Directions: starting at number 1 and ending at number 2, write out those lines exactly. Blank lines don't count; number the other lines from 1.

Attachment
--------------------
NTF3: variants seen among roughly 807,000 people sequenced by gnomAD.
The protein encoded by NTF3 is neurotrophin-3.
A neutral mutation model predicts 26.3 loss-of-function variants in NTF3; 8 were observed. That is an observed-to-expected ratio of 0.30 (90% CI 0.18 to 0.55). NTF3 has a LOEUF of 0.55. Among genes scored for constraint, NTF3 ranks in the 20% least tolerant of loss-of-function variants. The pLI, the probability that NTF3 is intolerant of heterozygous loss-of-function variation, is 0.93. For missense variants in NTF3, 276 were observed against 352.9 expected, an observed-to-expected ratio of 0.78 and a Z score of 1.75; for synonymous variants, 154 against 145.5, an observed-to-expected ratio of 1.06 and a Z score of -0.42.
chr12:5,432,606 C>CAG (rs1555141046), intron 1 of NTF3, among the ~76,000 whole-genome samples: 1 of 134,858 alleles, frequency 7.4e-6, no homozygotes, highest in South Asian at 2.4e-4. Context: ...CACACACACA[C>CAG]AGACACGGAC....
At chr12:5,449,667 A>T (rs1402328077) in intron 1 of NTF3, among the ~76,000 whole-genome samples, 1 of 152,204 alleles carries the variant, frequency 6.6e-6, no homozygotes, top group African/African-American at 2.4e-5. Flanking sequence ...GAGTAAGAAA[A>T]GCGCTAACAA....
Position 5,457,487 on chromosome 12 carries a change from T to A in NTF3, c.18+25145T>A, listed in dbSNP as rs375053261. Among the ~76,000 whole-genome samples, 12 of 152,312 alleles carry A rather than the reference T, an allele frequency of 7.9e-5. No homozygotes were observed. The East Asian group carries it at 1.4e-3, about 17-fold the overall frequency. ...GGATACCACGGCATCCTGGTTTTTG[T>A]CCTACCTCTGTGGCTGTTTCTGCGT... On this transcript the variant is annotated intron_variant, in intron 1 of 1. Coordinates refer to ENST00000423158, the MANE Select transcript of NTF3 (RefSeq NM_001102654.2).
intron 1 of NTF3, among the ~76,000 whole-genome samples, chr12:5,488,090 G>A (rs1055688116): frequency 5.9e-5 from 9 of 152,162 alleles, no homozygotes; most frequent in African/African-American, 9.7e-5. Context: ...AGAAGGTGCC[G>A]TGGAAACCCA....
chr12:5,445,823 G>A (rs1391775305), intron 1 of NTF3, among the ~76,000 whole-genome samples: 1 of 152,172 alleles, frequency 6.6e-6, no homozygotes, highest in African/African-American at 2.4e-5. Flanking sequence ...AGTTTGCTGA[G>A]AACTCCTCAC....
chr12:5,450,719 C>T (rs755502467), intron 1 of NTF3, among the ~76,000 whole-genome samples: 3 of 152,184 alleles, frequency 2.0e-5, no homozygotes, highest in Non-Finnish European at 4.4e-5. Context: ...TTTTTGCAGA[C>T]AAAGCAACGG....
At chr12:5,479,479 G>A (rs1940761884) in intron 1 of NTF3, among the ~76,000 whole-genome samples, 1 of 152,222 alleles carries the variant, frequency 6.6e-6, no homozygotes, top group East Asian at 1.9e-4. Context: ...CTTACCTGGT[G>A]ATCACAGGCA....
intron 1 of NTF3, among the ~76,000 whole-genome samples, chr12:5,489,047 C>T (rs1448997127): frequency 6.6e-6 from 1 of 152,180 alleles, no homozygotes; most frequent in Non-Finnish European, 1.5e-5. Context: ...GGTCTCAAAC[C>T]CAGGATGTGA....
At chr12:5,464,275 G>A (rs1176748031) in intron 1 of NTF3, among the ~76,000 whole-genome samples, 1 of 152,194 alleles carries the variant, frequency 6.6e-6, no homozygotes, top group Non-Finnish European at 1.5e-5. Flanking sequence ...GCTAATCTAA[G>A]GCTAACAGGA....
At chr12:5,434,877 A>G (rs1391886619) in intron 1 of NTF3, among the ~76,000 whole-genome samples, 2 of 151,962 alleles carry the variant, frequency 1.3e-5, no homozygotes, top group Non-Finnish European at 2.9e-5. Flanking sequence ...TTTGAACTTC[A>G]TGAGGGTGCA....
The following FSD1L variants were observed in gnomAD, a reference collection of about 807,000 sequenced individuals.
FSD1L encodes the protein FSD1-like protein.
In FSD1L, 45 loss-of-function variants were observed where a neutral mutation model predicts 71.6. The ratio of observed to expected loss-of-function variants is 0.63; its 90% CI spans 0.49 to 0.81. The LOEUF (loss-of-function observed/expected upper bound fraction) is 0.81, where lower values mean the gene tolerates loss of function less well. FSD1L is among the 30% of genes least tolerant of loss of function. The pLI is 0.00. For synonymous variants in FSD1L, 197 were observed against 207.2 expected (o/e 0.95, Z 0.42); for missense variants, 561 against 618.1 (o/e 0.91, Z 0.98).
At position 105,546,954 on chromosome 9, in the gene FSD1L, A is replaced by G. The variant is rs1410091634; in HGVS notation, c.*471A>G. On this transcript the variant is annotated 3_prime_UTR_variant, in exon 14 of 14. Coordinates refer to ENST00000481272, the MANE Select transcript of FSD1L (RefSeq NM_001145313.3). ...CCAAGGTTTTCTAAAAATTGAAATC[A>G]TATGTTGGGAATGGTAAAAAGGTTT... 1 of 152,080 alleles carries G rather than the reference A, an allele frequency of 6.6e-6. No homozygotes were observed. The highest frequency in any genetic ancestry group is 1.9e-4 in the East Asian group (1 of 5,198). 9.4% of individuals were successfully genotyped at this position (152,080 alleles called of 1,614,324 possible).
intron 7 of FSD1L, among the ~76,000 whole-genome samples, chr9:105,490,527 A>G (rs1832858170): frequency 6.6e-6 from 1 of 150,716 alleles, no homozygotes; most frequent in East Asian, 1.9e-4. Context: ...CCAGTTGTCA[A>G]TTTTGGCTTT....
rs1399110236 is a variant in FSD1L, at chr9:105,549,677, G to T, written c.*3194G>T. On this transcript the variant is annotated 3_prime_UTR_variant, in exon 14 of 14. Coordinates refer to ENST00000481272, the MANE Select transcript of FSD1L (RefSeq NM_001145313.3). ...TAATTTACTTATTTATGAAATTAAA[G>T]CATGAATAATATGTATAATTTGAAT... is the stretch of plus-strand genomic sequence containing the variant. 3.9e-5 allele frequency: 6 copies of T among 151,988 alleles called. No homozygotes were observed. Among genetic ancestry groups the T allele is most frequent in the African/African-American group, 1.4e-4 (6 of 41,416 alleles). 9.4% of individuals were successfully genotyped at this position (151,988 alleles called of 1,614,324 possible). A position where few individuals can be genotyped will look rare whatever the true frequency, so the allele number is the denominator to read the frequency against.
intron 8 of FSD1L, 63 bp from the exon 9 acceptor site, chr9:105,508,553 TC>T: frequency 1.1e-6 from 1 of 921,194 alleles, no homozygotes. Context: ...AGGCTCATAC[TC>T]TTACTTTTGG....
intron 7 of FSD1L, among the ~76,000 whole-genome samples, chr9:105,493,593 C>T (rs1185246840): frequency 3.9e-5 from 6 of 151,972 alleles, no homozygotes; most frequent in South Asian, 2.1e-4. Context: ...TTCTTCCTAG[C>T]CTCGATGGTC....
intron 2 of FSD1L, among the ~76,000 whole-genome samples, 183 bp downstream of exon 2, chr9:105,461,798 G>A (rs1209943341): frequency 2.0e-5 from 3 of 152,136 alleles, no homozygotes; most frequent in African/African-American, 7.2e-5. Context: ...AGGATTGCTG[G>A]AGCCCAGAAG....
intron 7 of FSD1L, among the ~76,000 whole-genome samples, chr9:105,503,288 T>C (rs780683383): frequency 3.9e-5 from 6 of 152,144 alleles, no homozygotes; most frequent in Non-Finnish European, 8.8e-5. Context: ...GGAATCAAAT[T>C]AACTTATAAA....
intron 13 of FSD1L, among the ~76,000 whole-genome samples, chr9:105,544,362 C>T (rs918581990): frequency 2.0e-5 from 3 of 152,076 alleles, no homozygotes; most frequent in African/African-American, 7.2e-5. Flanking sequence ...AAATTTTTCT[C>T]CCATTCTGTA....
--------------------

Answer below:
NTF3: variants seen among roughly 807,000 people sequenced by gnomAD.
The protein encoded by NTF3 is neurotrophin-3.